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Nine Ways to Improve Your English Speaking Today

Speaking English doesn't have to be stressful. Here are nine tips that you can try to help you increase your confidence and speak more fluently and naturally:

1. Take it step by step

Learn a few important phrases at first, and learn how to pronounce them well. When you're confident with these, you can choose a few more to practice. Start with simple phrases first, then go on to more complicated ones.

For example, learn key phrases for saying hello and greeting someone:
"Hi! How are you?"
"Fine thanks. And you?"
Or a simple phrase to ask directions:
"Excuse me! I'm looking for … (London Road)"
Or a simple phrase to order food in a restaurant:
"I'd like the … (fish and chips) please."

Don't say too much

You don't need to speak a lot to express yourself. In many situations, such as travelling around, shopping, phoning, etc, you don't have the time to have a long conversation. Concentrate on communicating the essential part of your message until you start feeling more confident.

2. Practice makes perfect!

This is probably the most important tip. The more you practice, the better you get – and the more confident you will become. When you practice important phrases, they become natural and easy for you.

3. Keep it simple

You don't need complicated grammar or sentence structure. If your sentences are short and grammatically simple, you are less likely to make mistakes or confuse the person you're talking to.

Sentence structure tip!
Remember the SVOMPT word order rule:
a. Subject
b. Verb
c. Object
d. Manner (How)
e. Place
f. Time

For example:
I (subject) like (verb) walking (object) fast (manner) in the forest (place) in winter (time).

Note: not every sentence has all six components, and you can omit manner, place and time and still have correct sentence structure.

4. Use every way you can to communicate

When you need to communicate a message, you will find the way to do it! For example, you can use gestures to help you explain to another person. If you are in a train and feel hot, you could say "Can I open the…" and gesture towards the window if you can't remember the word for "window".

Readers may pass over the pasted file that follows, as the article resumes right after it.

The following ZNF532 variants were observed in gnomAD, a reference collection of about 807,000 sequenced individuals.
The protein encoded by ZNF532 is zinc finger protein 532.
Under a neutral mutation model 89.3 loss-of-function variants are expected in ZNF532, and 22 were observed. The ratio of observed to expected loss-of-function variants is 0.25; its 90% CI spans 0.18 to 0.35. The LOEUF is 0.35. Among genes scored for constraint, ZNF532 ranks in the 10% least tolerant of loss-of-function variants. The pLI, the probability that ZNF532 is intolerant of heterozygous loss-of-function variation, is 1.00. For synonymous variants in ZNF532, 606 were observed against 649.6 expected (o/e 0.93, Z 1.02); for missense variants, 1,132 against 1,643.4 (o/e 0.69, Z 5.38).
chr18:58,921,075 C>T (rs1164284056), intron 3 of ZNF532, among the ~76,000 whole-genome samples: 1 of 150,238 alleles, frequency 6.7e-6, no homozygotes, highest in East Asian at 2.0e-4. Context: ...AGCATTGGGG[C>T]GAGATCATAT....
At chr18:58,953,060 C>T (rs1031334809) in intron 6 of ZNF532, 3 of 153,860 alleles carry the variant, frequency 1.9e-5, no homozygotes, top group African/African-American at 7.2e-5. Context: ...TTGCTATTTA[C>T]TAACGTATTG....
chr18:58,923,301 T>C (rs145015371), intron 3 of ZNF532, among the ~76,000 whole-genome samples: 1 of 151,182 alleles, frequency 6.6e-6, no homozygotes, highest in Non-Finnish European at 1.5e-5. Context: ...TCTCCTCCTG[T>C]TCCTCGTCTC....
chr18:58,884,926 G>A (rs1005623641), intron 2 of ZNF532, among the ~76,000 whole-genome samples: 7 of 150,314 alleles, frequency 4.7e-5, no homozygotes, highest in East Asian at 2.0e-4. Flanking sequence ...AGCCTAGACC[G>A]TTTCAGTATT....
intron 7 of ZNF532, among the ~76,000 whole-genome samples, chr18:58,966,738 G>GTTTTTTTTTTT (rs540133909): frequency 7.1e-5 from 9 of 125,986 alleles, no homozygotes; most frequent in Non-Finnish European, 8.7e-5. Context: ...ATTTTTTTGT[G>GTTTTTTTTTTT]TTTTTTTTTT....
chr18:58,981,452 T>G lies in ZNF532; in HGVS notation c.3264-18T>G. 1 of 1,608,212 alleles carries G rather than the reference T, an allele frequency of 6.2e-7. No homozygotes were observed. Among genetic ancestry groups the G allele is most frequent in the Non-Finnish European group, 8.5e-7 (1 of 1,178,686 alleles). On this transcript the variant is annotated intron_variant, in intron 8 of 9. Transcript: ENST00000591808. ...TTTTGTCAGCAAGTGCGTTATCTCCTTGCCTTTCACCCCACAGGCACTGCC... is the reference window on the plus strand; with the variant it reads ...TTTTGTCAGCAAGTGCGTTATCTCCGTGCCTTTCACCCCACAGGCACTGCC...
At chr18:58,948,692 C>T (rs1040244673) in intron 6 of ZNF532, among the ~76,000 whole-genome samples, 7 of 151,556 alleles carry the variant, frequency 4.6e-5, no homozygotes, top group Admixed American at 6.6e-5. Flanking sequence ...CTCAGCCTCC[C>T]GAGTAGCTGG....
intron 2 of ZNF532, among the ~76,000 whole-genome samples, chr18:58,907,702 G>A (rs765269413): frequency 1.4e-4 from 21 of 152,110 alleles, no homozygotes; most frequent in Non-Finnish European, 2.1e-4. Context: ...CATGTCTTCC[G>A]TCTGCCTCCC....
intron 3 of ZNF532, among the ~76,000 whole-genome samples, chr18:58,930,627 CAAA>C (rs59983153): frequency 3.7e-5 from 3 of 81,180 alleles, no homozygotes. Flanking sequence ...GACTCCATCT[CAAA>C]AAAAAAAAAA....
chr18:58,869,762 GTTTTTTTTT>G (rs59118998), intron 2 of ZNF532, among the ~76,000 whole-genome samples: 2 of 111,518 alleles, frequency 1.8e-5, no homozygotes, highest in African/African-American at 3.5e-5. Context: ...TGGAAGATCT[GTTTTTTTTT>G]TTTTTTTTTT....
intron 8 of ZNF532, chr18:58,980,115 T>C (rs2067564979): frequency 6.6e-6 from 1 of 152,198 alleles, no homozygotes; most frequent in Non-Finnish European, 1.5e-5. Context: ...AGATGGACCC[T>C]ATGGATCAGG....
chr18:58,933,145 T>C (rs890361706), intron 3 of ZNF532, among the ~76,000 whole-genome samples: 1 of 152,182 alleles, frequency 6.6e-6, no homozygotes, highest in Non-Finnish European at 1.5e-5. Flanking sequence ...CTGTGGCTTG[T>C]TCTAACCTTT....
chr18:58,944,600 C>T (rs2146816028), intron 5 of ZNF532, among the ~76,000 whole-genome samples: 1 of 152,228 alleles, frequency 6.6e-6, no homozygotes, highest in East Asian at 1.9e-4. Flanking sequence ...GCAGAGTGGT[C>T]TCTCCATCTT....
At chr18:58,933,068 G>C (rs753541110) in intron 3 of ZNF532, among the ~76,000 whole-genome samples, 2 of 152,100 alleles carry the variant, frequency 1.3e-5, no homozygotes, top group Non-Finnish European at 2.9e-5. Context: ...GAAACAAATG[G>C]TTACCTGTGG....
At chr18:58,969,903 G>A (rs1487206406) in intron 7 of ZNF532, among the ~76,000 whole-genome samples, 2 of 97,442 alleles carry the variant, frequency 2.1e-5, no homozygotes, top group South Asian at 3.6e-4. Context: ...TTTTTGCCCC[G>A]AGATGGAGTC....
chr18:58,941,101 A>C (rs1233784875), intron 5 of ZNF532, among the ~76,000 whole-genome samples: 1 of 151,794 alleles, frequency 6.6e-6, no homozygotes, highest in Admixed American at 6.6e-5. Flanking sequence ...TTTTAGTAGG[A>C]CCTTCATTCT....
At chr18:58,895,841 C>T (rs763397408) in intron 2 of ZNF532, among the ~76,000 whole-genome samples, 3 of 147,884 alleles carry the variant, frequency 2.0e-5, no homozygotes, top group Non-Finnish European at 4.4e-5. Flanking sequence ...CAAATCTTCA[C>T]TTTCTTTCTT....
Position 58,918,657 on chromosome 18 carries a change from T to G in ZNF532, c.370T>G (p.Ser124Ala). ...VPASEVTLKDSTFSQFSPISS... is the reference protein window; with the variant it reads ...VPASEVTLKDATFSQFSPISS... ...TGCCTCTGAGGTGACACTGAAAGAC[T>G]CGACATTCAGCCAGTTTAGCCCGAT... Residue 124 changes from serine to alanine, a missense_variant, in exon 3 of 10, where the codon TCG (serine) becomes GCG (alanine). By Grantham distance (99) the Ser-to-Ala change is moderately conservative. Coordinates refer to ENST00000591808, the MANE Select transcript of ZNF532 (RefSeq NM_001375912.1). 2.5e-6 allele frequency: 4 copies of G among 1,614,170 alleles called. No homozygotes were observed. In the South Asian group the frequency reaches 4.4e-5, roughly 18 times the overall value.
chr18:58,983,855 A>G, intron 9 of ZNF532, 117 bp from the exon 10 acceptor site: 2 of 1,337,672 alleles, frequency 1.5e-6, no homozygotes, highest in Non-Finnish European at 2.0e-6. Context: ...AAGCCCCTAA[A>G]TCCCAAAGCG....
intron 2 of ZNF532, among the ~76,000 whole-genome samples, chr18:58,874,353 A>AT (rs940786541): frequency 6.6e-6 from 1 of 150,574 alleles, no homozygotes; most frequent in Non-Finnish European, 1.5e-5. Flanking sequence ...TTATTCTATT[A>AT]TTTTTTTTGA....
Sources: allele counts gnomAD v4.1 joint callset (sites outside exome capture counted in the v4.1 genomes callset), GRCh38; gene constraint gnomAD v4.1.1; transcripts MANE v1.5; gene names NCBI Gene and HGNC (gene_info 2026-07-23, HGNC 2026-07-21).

5. Listen and watch

A great way to improve your confidence is to watch other people speak English. What phrases do they use? What gestures do they use? How do they respond to each other? Perhaps they use special phrases or particular intonation. Observing how other people communicate is a great way to extend your own "library" of useful phrases for different situations. You can listen and watch from film and TV, or trailers on YouTube, for example.

6. Record yourself

Use your phone to record yourself speaking phrases or words. When you listen back to yourself, how do you sound? Don't be too critical about your accent – it doesn't matter if you sound like a non-native speaker. But it's important to speak clearly. Recording yourself helps you become more aware of how you speak English, and you'll begin to understand which English sounds are most difficult for you. Then, with a little practice, you can soon get better at saying these difficult sounds.

7. Don't speak too fast

If you're nervous or embarrassed, you might speak too fast – or too quietly. It's normal to feel worried, especially in new situations. But concentrate on those few phrases and try to speak at normal speed and volume. When you see the other person responding naturally to you, you'll know that what you say is good English!

8. Don't give up

Some days it's easier to speak English than other days. Sometimes you can find the words and phrases you need without any problems, but other times everything is really difficult. Some days you never seem to make mistakes – and then the next day it's all wrong! But don't worry. This is completely normal! The important thing is to understand that tomorrow is a different day. Keep practicing and you will improve your speaking. Don't worry too much about making mistakes, either. They help you improve your English.

9. Accept help from other people

Native speakers will rarely correct your grammar, but they'll probably correct your vocabulary and pronunciation. You can even ask, "Sorry, what do you call this in English?" and people are usually very happy to help you.